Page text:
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Dracula- Christian Salvation

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Grace Barre

on 2 June 2011

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Transcript of Dracula- Christian Salvation

Christian Salvation
By: Brittany Bowden,
Grace Barre and Rachel
Caldwell Charle's Darwin's "Origin of Species" (1859) challenged the ideas of christianity and made people doubt their beliefs. Bram Stoker uses many methods in Dracula to express the power of Christian Salvation to the audience and to reassure them of the strength of christianity. He provides an overall theme that Christianity conquers evil. He conveys this overall theme with: perversion of the
sacraments the idea that
everyone is saved emergence of
religious items Examples:
people tried to give "idoltrous" items to Harker before he goes to Draculas castle because they believe these items will protect him.
They put communion wafers in Dracula's earth boxes so he can no longer rest in them.
They sealed Mina's room with communion wafers and also Van Helsing crumbled communion wafers around her to protect her. Throughout the book religious items like crucifixs and communion wafers are used to combat Dracula
and other evils. This is a reference to the power of christianity over evil. Stoker uses parallelism between the actual sacraments and a perversion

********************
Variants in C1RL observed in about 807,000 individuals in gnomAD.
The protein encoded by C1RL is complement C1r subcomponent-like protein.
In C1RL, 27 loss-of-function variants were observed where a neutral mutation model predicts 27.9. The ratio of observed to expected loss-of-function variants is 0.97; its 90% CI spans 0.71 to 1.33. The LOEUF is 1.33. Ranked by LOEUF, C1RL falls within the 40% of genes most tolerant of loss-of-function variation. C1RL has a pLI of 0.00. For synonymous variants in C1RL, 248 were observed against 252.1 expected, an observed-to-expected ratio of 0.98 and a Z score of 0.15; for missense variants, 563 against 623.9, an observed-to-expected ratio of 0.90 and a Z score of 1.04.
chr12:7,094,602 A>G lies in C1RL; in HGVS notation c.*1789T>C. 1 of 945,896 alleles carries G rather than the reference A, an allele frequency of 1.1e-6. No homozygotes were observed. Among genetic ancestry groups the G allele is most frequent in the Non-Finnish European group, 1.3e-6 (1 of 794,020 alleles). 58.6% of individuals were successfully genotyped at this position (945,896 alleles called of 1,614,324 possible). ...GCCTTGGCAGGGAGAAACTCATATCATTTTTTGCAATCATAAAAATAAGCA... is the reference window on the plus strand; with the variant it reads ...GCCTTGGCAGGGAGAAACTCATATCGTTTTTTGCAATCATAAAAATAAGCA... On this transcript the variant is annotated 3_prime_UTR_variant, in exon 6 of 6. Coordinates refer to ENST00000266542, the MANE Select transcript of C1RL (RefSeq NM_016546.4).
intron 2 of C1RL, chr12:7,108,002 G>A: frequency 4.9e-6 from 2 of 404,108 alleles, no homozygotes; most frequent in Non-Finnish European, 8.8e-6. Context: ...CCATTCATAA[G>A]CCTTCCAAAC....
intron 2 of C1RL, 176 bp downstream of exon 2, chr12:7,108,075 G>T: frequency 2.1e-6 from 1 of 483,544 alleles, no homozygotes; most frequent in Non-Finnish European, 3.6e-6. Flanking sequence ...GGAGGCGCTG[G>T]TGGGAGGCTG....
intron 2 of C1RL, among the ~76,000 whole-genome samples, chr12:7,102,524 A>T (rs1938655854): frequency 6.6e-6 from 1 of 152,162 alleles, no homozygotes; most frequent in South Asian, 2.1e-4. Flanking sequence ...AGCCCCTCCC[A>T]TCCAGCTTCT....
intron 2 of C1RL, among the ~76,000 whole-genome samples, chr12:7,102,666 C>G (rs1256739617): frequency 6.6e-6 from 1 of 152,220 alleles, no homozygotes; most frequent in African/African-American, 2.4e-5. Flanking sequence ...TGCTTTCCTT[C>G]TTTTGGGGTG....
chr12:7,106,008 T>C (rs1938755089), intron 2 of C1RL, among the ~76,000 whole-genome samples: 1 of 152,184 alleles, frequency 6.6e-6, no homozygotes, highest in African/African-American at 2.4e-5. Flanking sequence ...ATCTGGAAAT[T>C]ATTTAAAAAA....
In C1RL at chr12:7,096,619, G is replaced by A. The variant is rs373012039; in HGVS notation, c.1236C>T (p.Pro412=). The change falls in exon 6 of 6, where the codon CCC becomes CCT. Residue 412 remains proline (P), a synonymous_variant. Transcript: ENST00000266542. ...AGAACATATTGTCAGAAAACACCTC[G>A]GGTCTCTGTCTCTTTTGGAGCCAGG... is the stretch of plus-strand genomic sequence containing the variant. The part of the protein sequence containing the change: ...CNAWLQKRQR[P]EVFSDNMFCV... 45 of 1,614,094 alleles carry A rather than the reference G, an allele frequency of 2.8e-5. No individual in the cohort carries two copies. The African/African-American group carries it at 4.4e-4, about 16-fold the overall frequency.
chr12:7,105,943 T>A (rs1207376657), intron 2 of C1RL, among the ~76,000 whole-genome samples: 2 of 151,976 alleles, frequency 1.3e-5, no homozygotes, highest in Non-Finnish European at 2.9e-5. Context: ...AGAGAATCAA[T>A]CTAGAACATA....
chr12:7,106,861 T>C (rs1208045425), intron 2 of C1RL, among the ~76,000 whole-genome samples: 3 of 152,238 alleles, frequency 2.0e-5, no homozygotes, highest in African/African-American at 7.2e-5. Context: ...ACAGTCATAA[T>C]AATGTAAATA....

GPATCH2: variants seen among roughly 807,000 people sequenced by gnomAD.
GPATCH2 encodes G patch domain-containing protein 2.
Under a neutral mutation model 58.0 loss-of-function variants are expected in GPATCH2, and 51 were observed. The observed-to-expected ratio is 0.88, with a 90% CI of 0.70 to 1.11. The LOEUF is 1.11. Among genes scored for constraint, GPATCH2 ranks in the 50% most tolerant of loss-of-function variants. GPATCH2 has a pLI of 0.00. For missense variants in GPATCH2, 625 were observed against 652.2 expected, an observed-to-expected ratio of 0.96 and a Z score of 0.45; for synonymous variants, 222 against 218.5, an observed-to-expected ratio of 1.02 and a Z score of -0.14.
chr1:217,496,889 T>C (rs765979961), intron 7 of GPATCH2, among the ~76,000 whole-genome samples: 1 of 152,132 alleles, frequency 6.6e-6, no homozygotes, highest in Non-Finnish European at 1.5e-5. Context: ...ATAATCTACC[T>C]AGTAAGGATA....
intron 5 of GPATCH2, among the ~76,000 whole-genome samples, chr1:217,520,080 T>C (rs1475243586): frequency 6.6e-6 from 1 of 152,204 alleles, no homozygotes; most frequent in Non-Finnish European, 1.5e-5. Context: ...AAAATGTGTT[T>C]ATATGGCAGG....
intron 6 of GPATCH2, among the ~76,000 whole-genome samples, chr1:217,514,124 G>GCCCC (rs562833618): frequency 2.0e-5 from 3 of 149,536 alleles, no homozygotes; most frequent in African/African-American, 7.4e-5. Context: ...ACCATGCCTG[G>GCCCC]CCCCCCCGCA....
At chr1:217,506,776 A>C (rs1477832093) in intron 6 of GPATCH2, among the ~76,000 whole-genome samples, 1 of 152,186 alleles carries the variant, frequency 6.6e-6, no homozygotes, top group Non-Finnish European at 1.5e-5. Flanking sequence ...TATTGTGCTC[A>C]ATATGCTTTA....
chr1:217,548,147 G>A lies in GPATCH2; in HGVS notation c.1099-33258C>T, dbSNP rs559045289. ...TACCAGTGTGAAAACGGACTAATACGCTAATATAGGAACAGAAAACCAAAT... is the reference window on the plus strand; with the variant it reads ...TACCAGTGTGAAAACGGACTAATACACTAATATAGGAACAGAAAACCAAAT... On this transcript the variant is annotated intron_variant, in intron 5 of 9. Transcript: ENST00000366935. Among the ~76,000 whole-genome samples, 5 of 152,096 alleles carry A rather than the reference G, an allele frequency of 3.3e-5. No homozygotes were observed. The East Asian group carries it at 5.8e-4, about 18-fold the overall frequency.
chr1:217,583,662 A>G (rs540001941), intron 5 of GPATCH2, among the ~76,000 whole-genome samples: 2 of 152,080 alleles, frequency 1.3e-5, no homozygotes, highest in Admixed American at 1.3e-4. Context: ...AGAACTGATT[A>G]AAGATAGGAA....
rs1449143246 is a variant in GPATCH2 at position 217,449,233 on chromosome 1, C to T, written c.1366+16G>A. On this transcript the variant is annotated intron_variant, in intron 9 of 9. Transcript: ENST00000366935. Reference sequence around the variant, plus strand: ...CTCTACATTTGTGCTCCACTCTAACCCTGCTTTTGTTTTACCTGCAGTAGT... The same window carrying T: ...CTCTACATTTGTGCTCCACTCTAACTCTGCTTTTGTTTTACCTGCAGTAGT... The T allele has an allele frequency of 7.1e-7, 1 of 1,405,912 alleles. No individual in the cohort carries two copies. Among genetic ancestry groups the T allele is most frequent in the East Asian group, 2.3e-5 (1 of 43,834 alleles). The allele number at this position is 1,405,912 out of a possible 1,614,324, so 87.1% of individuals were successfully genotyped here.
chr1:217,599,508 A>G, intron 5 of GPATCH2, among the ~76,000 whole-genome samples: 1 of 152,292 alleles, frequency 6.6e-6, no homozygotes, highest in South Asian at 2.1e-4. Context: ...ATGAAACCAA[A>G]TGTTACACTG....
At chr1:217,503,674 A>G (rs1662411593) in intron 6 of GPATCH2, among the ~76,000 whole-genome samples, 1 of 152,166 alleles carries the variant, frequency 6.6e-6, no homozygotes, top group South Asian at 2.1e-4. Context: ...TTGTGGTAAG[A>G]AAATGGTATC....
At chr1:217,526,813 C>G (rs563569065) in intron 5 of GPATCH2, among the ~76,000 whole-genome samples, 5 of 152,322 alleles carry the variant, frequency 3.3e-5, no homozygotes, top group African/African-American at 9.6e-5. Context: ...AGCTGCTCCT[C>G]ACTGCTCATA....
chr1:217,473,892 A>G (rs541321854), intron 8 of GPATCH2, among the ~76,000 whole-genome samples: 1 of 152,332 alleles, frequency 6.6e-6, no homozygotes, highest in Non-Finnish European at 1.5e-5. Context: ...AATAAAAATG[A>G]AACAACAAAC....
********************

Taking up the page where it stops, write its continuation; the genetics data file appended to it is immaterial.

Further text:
of the sacraments. Mina drinks blood from a cut on Dracula's breast and by
drinking his blood, she will turn into one of the undead. This mirrors the idea
that Catholics have of salvation through drinking the blood of Christ. In the Book, Stoker's view of salvation is that everyone
is saved except for the Undead. This mirrors the Christian
belief that Jesus died to save everyone so that we could be
forgiven from sin. Example:
"a look of peace such as [Mina] could never have imagined
might have rested there". This is a description of the look on
Dracula's face after the men killed him. Even Dracula, the most
evil devil like creature was saved and reached eternal peace
despite the things he had done. The End.
Thank you for watching. Salvation Bibliography:
SparkNotes Editors. “SparkNote on Dracula.” Sparknotes. 18 May 2011. <http://www.sparknotes.com/lit/dracula/themes.html>

NovelGuide Editors. "Dracula". NovelGuide. 18 May 2011. <http://www.novelguide.com/dracula/themeanalysis.html>

"Christianity in Bram Stoker's Dracula". Asssociate Content. 18 May 2011.<http://www.associatedcontent.com/article/1737646/christianity_in_bram_stokers_dracula.html>

Stoker, Bram. "Dracula". New York: Penguin Audio, 2005.
Full transcript